Drought delivers 'bumper' season for some Ottawa businesses

While dry weather over the spring and early summer has been a bane for some Ottawa businesses, it's been a boon for others, including roofers, landscapers and other contractors.

Roofers, landscapers, construction companies benefit from lower-than-normal rainfall

Dry weather over the spring and summer has allowed Stewart Roofing crews to get jobs done more efficiently. (Waubgeshig Rice/CBC)

While dry weather over the spring and early summer has been a bane for some Ottawa businesses, it's a boon for others, including roofers, landscapers and other contractors.

"It is absolutely perfect roofing weather. You couldn't ask for a better season than this," said Stan Stewart, owner of Stewart Roofing Ltd. "We've had a bumper May, a bumper June, and July seems to have no indication that it's going to change at all."

Rainfall totals for April, May and June in Ottawa were below normal. Only 112.4 millimetres of rain fell on the capital during those three months, roughly half of the 221.2 millimetre total for the same period in 2015, according to Environment Canada data.

Stan Stewart, owner of Stewart Roofing, says the dry weather has resulted in a 'bumper' season. (Waubgeshig Rice/CBC)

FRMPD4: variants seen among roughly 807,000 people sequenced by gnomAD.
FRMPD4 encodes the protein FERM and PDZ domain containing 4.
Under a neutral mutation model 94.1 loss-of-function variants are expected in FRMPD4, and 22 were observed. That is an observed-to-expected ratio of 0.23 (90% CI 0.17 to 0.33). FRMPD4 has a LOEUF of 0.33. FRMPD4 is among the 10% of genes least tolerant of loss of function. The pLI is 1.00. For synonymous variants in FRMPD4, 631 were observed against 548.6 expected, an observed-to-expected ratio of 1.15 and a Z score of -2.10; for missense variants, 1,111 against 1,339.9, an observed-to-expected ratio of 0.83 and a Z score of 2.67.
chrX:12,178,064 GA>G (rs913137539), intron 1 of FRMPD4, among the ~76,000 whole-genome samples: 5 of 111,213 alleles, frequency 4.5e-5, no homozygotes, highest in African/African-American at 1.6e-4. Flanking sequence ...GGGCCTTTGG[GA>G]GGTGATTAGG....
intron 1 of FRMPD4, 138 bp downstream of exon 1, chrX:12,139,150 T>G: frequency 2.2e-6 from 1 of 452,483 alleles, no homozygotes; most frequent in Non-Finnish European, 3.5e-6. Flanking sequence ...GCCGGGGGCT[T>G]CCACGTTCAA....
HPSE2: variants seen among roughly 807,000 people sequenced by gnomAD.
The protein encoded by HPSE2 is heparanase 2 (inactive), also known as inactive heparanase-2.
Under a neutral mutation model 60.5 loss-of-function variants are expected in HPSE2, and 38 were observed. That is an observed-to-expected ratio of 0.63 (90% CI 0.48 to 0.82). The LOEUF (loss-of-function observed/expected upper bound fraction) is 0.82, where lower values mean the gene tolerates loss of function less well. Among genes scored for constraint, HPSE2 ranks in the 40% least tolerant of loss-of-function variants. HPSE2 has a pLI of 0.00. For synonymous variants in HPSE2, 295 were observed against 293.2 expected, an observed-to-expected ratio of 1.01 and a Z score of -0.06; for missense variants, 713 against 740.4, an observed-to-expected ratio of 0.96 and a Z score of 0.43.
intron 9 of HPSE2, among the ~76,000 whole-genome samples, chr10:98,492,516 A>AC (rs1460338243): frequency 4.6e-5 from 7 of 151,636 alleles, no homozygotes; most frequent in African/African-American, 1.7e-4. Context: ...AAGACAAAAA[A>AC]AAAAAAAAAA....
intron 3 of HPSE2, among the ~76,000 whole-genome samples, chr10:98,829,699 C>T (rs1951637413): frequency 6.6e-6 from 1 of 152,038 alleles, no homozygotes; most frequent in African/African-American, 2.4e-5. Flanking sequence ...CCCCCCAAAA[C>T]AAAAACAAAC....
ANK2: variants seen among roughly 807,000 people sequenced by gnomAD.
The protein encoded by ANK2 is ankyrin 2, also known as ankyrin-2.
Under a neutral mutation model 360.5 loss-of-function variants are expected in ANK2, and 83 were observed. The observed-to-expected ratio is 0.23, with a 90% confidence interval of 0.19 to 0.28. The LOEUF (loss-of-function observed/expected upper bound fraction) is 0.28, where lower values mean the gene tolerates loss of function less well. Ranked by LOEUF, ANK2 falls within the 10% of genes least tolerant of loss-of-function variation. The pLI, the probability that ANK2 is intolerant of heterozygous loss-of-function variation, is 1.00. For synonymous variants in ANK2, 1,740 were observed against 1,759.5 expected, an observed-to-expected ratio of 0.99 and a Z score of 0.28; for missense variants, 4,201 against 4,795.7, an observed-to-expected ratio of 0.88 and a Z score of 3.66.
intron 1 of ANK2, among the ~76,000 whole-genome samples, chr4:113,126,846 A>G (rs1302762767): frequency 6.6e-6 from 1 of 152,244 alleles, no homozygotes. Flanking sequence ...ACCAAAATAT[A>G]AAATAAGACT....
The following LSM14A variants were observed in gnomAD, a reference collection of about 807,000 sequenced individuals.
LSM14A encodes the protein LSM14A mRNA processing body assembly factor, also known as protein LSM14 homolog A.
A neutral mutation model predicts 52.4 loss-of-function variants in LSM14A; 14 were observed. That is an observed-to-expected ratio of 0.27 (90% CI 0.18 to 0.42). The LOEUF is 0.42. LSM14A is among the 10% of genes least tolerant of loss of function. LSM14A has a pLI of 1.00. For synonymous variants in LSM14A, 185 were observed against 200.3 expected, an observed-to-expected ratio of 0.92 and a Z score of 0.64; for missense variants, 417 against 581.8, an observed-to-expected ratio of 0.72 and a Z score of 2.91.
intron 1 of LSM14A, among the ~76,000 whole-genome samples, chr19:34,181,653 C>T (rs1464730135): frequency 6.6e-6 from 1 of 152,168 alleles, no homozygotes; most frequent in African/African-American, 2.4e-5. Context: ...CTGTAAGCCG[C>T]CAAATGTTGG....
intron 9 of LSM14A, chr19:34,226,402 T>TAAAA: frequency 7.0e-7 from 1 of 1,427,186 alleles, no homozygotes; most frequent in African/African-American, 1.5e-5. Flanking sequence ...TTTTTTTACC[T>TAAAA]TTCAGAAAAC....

Less rain means Stewart's crews of about 40 employees across the city are able to get jobs done sooner and move on to the next ones.

"We're not being shut down for rain days. It allows us to proceed in a quicker fashion on the roofs," he said. "And it's just great to be outside working when the weather's like this. It's not overcast. Everybody's in a great mood."

'Excellent' for landscaping

Landscaper Frank Van Herpen calls these working conditions "excellent."

"No rain — or hardly any rain — and it's been perfect for us. More work for us," he said at a job site on James Street in Centretown.

"We can keep going. We don't have to get out, or we don't have to take days off, so we just keep going with what we're doing."

He estimates his crew has only lost about two working days to rain since the spring. "At the moment, it's been very nice," he added.

Staying hydrated

But Stewart admitted the dry weather can be a bit of a mixed blessing when temperatures gets too hot.

"Dehydration is your greatest enemy that the worker out here can have," he said. He ensures his crews have a steady supply of water and oranges on site to stay hydrated.

"It's a balance of hydration and electrolyte intake," Stewart added. "And if you get that combination right — and the easiest way to get it right is if you take a couple oranges over a period of a day, that'll replenish your electrolytes and keep that balance proper."

Rainfall totals have been below normal this construction season in Ottawa. (Waubgeshig Rice/CBC)